Today’s candidate: Roger Maris

1. Was he ever regarded as the best player in baseball? Did anybody, while he was active, ever suggest that he was the best player in baseball?

For two seasons, he was, or he seemed to be. 1960 and 1961 were his MVP seasons, although he sacrificed average for power in the latter (although to be fair, it didn’t seem like it mattered to Ralph Houk one way or the other).

2. Was he the best player on his team?

It’s a hard argument to make in this case, because he played during the end of the Yankees dynasty era started under Casey Stengel. You could argue that Mickey Mantle was better in 1960, and he and Elston Howard would win MVP awards in subsequent years. I would also argue that the best player on the 1961 Yankees was Whitey Ford.

3. Was he the best player in baseball at his position? Was he the best player in the league at his position?

He was very underrated defensively, and in Game 7 of the 1962 World Series, made a clutch throw that prevented the tying run from scoring. With that said, it’s hard to call him the best. The frequent arguments about Maris is that aside from 1960 and 1961, he was good, but not great. You wouldn’t even call him very good, just good. League-wise, he probably was in the top five for right field.

4. Did he have an impact on a number of pennant races?

In 1964, it seemed like he was; without him, the Yankees would have lost the pennant. In 1960, it was also closer than expected, but still far enough to make it comfortable. He later played on two pennant winners in St. Louis, but he was nearing the end of his career and wasn’t a factor in either one.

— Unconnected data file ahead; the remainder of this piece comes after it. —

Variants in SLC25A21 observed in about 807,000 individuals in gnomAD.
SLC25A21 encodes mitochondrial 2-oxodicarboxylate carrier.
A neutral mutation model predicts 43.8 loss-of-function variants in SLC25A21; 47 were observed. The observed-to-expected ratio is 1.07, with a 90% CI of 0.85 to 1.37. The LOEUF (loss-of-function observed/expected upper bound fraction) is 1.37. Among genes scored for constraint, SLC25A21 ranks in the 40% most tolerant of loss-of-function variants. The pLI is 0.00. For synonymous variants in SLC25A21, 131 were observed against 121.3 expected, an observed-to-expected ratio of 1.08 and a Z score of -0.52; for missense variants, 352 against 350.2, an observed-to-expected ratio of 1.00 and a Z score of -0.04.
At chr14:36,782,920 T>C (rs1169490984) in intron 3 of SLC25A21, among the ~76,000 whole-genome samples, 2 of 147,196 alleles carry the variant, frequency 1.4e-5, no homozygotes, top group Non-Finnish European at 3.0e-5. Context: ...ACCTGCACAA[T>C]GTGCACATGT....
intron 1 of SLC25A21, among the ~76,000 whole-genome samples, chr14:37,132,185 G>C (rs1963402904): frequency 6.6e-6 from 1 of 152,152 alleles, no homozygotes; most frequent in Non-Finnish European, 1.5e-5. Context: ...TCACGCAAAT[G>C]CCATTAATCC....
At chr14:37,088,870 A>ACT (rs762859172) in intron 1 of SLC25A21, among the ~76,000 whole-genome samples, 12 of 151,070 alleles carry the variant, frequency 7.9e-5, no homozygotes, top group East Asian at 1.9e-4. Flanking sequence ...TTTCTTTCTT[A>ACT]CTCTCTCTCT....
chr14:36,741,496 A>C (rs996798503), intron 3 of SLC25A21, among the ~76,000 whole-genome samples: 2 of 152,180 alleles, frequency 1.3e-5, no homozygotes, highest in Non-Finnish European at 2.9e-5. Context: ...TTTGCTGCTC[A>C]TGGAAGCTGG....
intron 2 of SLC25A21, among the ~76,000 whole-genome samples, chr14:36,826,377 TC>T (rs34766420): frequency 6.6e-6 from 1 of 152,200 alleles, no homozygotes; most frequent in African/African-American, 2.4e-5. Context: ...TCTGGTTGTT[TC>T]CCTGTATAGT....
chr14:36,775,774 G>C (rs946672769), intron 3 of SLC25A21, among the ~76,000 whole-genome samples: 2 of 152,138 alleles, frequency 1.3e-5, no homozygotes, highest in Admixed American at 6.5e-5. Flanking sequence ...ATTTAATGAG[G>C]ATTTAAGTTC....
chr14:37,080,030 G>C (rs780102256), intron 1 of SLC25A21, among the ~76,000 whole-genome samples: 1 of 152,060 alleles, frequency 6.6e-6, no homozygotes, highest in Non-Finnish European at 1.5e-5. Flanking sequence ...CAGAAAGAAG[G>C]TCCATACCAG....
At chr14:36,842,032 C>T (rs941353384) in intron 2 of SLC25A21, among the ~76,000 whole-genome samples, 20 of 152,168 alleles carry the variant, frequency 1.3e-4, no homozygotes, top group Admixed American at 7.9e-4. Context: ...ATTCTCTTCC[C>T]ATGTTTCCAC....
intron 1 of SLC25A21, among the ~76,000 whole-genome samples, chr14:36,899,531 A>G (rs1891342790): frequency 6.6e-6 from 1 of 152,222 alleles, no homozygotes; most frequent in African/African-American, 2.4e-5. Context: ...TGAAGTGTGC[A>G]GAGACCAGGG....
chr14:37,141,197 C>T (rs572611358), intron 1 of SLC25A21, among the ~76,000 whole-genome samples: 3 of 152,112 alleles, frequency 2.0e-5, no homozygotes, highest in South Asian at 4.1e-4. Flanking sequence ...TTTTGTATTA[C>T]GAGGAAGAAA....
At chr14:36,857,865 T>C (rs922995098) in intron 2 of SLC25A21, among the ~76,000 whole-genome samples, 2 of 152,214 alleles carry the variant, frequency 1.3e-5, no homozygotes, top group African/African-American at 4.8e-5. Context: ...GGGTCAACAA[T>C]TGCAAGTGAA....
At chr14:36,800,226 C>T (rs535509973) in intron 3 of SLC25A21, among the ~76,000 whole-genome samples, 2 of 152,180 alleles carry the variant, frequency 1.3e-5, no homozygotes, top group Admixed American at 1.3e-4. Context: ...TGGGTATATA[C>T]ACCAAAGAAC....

5. Was he a good enough player that he could continue to play regularly after passing his prime?

I don’t think so. The hard part about this is that he peaked way too early. After 1962, when he was twenty-seven years old, he never made the All-Star team, and played in 140 or more games only once. He was slowed down by injuries, perhaps more so than Mantle.

6. Is he the very best player in baseball history who is not in the Hall of Fame?

Absolutely not. He was a .260 hitter, came to bat barely 5,000 times, and was a shell of his former self after 1962. Others are much better than he was.

7. Are most players who have comparable career statistics in the Hall of Fame?

It’s hard to make a comparison, because the only person who played in New York for such a small period of time was Don Mattingly, and Mattingly played first base and hit forty-seven points higher in his career. I have to say no on this, laregly because there’s nobody to compare him to in terms of position and career length.